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National Committee on Vital and Health Statistics Executive Subcommittee Hearing on "Meaningful Use" of Health Information Technology Certification of.

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Presentation on theme: "National Committee on Vital and Health Statistics Executive Subcommittee Hearing on "Meaningful Use" of Health Information Technology Certification of."— Presentation transcript:

1 National Committee on Vital and Health Statistics Executive Subcommittee Hearing on "Meaningful Use" of Health Information Technology Certification of “meaningful use” – a health care purchaser view David Lansky, PhD Pacific Business Group on Health April 29, 2009

2 © Pacific Business Group on Health, 2009 Purchaser expectations for clinical information infrastructure  Evaluating and monitoring new technology  Planning and evaluating workflow and payment redesign experiments  Implementing recognition and payment programs  Individual provider measurement  Tiering, centers of excellence  Virtual aggregation to episodes for payment  Supporting continuous improvement  Feedback to clinicians  Input from patients – symptoms, outcomes …  Feedback to patients

3 © Pacific Business Group on Health, 2009 Purchaser expectations for clinical information infrastructure  Note public interest core of ARRA provisions; in the eyes of Congress, these are as important as bedside care:  E-prescribing  Information sharing  Clinical quality reporting  Short-term implications for “meaningful use”  Permit measurement & documentation at individual physician level  Align Medicare, Medicaid and commercial incentives  Focus on areas of qualify deficits, high variation, inappropriate utilization, high costs (which vary across insurance class)

4 © Pacific Business Group on Health, 2009  Long history of “certifying” capabilities but experiencing mediocre performance (managed care, hospitals, disease management)  Performance is only test of achieving value  Burden is on specifying public interest objectives and assessing whether deployed EHR is achieving those objectives  Certification is one linked step in an improvement cycle (certify-validate-measure- feedback-reward) Process to assess value of health information technology

5 © Pacific Business Group on Health, 2009 Example: cardiology measurement  Purchaser interests:  Appropriate use of imaging, stress test, diagnostic cath, interventions (PCI/stent)  Outcomes, including symptom relief, functioning, survival  Current PQRI measures:  ACE or ARB therapy for heart failure patients with left ventricular systolic dysfunction (LVSD)  Antiplatelet therapy prescribed for CAD patients  Beta-blocker therapy prescribed for heart failure patients with LVSD  ACE/ARB Therapy for Coronary Artery Disease and Diabetes and/or LVSD  Lipid Profile in patients with CAD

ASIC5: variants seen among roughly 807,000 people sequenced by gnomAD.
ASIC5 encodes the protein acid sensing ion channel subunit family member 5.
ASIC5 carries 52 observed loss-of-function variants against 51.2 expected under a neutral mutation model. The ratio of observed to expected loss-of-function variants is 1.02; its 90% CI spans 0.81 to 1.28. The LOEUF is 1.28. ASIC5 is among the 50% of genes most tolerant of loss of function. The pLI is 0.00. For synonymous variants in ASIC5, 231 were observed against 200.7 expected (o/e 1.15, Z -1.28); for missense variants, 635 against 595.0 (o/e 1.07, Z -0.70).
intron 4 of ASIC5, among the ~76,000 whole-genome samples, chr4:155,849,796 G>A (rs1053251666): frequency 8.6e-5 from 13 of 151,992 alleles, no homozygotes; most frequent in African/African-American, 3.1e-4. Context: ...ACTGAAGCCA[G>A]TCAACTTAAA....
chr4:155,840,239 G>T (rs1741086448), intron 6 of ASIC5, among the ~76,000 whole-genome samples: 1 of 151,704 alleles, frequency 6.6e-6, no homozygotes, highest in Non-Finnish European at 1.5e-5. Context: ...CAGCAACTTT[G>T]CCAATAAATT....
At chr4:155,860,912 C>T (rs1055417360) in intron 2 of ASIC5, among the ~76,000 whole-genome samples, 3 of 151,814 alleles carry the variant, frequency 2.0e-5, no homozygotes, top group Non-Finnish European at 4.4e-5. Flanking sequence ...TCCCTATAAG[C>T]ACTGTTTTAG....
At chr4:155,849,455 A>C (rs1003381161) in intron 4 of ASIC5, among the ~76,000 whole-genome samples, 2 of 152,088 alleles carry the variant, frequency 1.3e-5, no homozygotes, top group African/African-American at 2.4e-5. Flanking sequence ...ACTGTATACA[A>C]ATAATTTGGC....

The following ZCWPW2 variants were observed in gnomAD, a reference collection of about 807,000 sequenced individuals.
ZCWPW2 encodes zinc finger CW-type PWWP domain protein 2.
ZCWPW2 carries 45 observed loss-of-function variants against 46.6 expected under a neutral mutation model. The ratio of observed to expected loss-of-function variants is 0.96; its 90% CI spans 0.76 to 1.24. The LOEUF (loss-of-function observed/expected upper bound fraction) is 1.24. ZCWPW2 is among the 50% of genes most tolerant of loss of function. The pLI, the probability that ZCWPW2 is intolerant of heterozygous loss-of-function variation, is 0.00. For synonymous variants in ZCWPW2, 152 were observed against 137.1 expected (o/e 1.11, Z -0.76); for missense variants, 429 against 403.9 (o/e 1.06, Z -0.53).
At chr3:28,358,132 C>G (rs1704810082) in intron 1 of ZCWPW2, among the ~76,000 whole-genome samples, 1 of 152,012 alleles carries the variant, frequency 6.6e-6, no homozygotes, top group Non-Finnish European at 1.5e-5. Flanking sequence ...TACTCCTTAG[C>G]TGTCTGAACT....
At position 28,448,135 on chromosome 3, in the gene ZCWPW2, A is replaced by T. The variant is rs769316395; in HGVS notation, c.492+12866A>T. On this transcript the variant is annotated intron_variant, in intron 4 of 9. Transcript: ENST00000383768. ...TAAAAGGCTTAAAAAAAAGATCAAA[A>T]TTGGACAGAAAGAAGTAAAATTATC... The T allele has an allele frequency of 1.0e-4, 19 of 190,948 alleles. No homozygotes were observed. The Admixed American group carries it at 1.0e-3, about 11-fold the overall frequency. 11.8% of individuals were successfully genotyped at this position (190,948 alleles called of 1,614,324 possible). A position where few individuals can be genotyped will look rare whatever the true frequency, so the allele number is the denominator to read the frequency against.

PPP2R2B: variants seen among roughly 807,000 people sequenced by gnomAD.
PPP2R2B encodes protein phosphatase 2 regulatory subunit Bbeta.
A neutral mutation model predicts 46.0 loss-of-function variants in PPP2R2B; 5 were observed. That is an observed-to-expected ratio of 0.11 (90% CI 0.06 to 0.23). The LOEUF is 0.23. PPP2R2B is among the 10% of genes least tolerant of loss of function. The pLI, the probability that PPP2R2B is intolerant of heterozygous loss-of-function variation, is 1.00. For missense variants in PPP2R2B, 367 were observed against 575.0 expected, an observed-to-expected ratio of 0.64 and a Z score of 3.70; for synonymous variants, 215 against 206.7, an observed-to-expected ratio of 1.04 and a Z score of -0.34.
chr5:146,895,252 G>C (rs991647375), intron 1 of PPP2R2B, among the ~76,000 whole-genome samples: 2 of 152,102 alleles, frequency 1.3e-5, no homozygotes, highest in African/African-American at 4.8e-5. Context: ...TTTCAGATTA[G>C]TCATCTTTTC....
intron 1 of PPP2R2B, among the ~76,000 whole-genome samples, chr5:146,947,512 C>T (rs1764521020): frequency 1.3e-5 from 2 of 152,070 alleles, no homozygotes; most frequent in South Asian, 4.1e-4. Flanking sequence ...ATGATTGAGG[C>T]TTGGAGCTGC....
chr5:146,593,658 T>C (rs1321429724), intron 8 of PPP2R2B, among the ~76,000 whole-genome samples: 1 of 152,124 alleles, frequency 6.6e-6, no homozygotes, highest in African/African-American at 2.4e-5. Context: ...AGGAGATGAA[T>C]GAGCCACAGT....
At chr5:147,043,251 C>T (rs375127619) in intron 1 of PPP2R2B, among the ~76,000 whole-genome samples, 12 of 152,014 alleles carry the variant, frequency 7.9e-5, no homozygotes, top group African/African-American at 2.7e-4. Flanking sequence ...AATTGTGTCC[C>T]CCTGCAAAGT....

6 © Pacific Business Group on Health, 2009 National Priorities Partnership Areas of “overuse” Source:

7 © Pacific Business Group on Health, 2009 Case study: PCI procedures Source: JAMA. 2008;300(15):

8 © Pacific Business Group on Health, 2009

9 ‘Meaningful use’ must recognize:  Only 37% of US physicians in ambulatory general practice; ~40% doing procedures  Significant quality, safety, cost variations in specialty & procedural care  Network of clinical registries provides best access to quality performance info  “Meaningful use” should encompass systematic use of clinical registries to support public interest objectives

10 © Pacific Business Group on Health, 2009 Current EHR certification  Will current ambulatory EHR certification meet purchasers’ and ARRA’s needs?  Based on generic ambulatory model  Has detailed specs for medication orders  Fails to address high cost services, procedures (cancer, ortho, maternity, behavioral)  Provides limited value to procedural & specialty practices  Need to certify ability to generate emerging quality measures  Dynamic relationship between PQRI, NQF, and reporting capabilities  Need to address procedural medicine  Opportunity to use HIT incentives for specialists

11 © Pacific Business Group on Health, 2009 Role of certification  Needed to inspect capability to provide value  Must be validated after installation to ensure capabilities are enabled  Must be structured to allow some “pick and choose” satisfaction of criteria, to permit innovation and bundling of features  Needs independent, multi-stakeholder governance to avoid capture by incumbents

12 © Pacific Business Group on Health, 2009 Markle recommendations  Certify for interoperability  Certify for meaningful use – i.e., that the system can report its performance of meaningful uses  Certify technical aspects of privacy and security – e.g., disclosures  Validation after installation  Pluralistic applications  Pluralistic certifiers

13 © Pacific Business Group on Health, 2009  Purchaser question: is info being used to increase appropriate use of expensive, dangerous, varying technology?  Certification criteria must address information requirements relevant to public interest concerns – outcomes, appropriateness, efficiency  Meaningful use definition should include specialty (registry) data  Certification should verify that EHR or registry delivers that value  Validation assures that user has deployed key functions  Virtuous circle: improving data permits better measures; better measures drive payment; payment and feedback drive improvement... Purchaser hopes for certification

14 Thank you. David Lansky, PhD Pacific Business Group on Health


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